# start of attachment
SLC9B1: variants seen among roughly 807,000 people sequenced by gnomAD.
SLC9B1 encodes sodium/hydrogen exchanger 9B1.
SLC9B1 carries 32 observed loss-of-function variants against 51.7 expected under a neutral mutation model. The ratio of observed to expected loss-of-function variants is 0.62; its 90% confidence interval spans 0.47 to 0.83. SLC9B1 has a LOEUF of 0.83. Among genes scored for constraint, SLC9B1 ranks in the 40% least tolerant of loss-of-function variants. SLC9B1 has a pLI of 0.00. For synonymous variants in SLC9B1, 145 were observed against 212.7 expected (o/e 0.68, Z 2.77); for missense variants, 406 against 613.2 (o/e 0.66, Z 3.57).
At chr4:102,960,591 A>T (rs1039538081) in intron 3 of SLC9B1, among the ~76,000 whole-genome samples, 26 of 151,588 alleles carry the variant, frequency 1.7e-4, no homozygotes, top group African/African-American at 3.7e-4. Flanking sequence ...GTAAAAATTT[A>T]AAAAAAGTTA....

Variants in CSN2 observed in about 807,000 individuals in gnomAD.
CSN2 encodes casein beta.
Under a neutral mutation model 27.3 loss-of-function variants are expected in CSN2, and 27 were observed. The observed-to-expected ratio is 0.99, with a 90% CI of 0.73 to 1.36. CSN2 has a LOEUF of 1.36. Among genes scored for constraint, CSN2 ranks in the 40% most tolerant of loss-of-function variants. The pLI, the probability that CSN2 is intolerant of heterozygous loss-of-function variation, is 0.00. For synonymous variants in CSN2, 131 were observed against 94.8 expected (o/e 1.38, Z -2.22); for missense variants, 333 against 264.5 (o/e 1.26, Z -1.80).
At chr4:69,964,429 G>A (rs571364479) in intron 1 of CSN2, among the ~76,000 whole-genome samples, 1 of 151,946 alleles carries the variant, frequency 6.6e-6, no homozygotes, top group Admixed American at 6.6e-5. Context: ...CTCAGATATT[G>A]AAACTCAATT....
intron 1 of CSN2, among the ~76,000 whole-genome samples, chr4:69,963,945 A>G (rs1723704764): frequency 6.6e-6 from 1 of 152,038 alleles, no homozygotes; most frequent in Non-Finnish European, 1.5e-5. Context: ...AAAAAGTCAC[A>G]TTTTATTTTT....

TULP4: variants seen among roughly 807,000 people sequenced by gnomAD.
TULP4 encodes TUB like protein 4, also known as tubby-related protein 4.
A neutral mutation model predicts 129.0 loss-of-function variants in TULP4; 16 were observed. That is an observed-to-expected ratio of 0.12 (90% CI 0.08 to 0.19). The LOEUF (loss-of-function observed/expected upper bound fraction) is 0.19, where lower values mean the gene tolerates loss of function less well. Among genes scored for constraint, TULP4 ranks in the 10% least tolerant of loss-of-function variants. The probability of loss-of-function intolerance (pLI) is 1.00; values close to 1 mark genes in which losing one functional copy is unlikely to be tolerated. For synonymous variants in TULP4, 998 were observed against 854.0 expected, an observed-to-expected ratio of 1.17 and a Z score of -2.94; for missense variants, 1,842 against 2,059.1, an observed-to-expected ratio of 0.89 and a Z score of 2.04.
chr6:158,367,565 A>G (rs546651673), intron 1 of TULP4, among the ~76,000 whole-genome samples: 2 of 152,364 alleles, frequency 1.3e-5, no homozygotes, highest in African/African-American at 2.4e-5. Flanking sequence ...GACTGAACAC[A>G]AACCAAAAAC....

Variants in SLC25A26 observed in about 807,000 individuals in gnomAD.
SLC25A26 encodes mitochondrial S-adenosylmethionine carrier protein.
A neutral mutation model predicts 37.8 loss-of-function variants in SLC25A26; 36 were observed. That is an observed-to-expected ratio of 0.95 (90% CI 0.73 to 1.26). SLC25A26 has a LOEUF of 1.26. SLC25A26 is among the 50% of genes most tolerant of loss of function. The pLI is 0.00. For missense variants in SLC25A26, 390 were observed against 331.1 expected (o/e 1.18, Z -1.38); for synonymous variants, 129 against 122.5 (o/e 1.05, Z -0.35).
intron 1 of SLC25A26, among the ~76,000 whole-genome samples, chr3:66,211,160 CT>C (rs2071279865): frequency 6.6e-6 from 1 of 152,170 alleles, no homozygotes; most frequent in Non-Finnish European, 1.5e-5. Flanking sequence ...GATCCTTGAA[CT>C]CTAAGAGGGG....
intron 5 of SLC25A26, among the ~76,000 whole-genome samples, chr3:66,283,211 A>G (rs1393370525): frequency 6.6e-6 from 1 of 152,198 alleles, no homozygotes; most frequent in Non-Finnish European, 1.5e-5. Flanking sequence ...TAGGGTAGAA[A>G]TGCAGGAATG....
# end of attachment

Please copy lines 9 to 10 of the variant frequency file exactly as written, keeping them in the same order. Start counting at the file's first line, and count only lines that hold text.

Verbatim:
intron 1 of CSN2, among the ~76,000 whole-genome samples, chr4:69,963,945 A>G (rs1723704764): frequency 6.6e-6 from 1 of 152,038 alleles, no homozygotes; most frequent in Non-Finnish European, 1.5e-5. Context: ...AAAAAGTCAC[A>G]TTTTATTTTT....

TULP4: variants seen among roughly 807,000 people sequenced by gnomAD.